In The Pickwick Papers, Mr Pickwick accidentally becomes engaged to his landlady. When he realises the mix-up, he makes clear to Mrs Bardell that he will not be marrying her. She responds, in true Victorian comic fashion, by suing him for breach of promise, an obscure 19th century tort to be used against men who break off engagements.

The trial was so entertaining to Dickens’ readers because of the inherent absurdity at its heart. The supposed wrongful act was Mr Pickwick’s decision not to marry Mrs Bardell, but the court couldn’t solve that problem. It had no power to force him to marry her (and even if it had, the ensuing union would presumably not have been much of a marriage).

It could award damages but those damages would not do anything to assuage Mrs Bardell’s lack-of-husband. Her real gripe was not that Mr Pickwick had breached his promise, but that he was not marrying her.

The drama of Bardell v Pickwick is currently being re-enacted in the High Court in London, although this time the case is entitled R (Jewish Human Rights Watch) v Leicester City Council. The good city of Leicester has – rather at odds with the adjective ‘good’ – voted to boycott Israel. That’s obviously a horrendous idea, as well as illegal on a couple of grounds, including equality law and local government legislation.

The recourse to the courts (popularly termed ‘lawfare’) kind of misses the point. The most that can be achieved by the case brought by Jewish Human Rights Watch (a distastefully-named organisation that has, thus far, never released a press statement which hasn’t compared someone to the Nazis) is a judicial order quashing Leicester’s boycott.

But that means nothing. Leicester City Council hardly used any Israeli produce before their vote, so overturning it will restore a situation not fundamentally different to the status quo.

Because the real mischief of Leicester’s BDS is not the fact that Leicester is not buying Israeli goods – Israel’s economy will muddle through somehow – the real mischief is that a group of elected local councillors decided it was the right thing to do.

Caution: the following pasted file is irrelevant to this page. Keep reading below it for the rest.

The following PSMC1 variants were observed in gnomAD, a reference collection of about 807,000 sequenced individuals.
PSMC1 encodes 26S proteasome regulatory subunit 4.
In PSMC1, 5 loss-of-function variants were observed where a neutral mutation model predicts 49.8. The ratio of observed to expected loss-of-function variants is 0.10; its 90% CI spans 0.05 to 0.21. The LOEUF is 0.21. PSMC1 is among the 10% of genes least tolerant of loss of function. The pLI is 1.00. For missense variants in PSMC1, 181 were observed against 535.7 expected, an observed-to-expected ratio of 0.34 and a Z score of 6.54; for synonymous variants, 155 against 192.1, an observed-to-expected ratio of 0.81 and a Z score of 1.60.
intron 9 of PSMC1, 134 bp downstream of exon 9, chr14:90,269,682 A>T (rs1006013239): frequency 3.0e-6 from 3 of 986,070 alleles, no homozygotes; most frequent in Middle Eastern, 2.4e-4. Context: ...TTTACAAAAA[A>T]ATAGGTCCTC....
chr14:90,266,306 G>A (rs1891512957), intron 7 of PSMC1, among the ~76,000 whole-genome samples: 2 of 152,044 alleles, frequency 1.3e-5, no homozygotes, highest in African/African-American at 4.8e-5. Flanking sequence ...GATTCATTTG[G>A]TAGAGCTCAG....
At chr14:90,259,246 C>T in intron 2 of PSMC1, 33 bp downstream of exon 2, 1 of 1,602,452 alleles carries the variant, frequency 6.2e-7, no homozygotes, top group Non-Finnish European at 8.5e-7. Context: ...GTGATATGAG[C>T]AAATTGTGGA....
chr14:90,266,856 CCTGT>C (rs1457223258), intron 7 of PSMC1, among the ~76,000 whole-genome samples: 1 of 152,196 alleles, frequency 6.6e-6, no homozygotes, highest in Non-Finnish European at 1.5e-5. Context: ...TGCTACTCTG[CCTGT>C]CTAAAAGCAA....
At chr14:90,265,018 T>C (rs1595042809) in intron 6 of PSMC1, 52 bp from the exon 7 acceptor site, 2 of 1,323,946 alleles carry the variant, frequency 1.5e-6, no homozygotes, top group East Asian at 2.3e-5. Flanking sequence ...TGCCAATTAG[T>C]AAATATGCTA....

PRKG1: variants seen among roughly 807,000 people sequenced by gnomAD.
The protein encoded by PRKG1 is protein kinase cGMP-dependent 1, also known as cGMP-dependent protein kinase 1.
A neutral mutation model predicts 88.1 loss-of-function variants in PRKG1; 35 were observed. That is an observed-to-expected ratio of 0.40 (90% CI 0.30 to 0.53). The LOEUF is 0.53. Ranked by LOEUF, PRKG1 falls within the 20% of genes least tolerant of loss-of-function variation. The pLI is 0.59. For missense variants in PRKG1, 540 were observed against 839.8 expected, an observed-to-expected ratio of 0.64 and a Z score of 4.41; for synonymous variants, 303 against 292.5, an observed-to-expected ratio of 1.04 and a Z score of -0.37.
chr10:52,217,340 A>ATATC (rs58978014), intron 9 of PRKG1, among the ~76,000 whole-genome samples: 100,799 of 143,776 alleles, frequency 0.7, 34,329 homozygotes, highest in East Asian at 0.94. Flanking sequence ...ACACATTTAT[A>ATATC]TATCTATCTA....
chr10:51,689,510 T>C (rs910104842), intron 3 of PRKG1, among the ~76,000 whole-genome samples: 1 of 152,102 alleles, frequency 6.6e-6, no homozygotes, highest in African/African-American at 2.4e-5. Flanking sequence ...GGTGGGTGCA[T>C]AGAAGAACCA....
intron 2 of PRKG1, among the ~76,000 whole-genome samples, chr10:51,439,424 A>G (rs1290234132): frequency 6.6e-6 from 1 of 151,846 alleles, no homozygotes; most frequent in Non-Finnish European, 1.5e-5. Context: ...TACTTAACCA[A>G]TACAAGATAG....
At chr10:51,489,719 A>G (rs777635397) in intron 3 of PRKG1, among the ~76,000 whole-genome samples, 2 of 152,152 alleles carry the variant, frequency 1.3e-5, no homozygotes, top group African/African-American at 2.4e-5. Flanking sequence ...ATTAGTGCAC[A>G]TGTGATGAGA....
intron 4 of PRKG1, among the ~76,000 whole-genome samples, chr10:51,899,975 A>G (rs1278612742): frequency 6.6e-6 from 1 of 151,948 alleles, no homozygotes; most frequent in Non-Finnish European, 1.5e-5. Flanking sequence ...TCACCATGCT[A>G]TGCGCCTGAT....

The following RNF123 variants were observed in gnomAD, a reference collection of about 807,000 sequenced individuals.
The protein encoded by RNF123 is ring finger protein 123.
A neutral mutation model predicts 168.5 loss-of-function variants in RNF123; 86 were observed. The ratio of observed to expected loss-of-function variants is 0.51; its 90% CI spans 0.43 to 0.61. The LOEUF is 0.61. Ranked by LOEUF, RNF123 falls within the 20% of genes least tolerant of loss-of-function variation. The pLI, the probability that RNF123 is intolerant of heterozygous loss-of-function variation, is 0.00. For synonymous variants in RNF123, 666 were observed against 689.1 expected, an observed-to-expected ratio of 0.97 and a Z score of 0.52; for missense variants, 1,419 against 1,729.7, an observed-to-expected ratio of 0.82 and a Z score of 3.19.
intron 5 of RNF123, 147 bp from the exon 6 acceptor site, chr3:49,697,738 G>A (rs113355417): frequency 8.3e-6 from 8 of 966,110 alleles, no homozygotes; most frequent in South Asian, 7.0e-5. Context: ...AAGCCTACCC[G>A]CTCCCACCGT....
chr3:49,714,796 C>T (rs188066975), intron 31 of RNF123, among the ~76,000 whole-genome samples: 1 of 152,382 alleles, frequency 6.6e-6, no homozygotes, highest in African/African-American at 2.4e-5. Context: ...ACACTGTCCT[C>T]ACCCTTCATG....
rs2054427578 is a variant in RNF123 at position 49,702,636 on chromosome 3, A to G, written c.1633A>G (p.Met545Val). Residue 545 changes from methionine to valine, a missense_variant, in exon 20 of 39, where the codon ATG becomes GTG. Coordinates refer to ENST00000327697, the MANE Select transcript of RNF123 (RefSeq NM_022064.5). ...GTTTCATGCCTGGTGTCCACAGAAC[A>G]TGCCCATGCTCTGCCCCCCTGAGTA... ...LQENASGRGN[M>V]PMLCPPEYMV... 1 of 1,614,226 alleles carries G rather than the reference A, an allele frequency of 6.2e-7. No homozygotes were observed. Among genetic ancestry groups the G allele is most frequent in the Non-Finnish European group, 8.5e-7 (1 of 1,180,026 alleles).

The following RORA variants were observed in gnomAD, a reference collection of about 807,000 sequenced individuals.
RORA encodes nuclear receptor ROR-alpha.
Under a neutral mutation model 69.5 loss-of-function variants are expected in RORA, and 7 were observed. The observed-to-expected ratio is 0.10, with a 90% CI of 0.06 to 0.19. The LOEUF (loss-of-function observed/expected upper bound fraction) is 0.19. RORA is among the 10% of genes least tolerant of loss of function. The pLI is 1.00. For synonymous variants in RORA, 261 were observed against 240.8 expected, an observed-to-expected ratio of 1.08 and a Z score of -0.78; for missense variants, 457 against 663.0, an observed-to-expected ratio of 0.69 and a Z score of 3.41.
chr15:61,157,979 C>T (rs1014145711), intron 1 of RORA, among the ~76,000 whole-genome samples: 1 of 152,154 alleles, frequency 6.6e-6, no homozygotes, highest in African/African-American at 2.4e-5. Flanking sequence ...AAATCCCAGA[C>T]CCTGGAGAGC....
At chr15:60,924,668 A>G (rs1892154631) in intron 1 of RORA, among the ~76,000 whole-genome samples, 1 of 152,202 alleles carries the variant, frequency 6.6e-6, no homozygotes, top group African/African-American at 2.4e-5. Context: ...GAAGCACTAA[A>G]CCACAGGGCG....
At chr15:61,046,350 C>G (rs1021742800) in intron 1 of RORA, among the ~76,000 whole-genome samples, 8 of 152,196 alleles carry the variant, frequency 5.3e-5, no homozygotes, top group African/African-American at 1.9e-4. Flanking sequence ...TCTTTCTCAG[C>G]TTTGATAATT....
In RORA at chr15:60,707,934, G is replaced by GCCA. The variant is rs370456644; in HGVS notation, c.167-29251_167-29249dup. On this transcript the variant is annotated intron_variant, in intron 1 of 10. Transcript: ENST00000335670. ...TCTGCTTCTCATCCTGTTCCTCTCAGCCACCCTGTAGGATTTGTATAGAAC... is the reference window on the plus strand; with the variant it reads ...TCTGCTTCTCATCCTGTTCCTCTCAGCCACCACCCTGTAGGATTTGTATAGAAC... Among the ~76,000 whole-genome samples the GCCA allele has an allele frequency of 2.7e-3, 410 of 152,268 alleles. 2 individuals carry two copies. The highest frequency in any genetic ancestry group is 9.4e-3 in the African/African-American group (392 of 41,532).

And forcing them to stop due to a legal technicality won’t show them the error of their ways. The problem is that they want to boycott, not that they are boycotting. The boycott itself is completely negligible. The sentiment is everything, as with Mrs Bardell’s engagement: she didn’t want Mr Pickwick to be forced to marry her, she wanted him to want to marry her, and that is a remedy no court can offer.

The legal route also diverts attention from the real issues. Jewish Human Rights Watch and the Friends of Israel groups have used the court case as a new campaigning tactic: “As matters stand,” said a JHRW press release, “we believe that the council will be liable to pay their own costs and ours in the region of £200,000.” This was followed by a hail of abusive tweets along the lines of, “How dare you spend £200k of your citizens’ money on boycotting Israel?”

Such arguments are a little misleading. The council’s boycott of Israel is stupid but free. It does not cost £200,000 to boycott Israel. What costs £200,000 is unsuccessfully defending legal proceedings. So really, the ratepayers of Leicester are only liable to incur losses of £200,000 because of JHRW’s decision to go to court.

For them, then, to attempt to bludgeon the council into conceding the lawsuit with a costs war is unfair and undignified. If they have the law on their side (which they do), they will win in court. Setting out to drain the council’s bank account, and using that as a publicity stunt, is just not cricket – and hardly helps to dispel anti-Semitic stereotypes of ‘Jewish money’ being thrown around to pervert British democracy in pursuit of Israel’s interests.

Forcing Leicester City Council to drop its boycott just means forcing it to consider buying Israeli goods. That’s not really a big step forward when its leaders support boycotts. Just like Mrs Bardell, Jewish Human Rights Watch won’t get what it wants from the courts.

It doesn’t really matter to Israel whether or not provincial English local authorities actually buy its produce. Our concern should be that people want to. And people can’t be forced or intimidated or injuncted out of their views. “Him that complies against his will is of the same opinion still.”

People can only be educated or persuaded.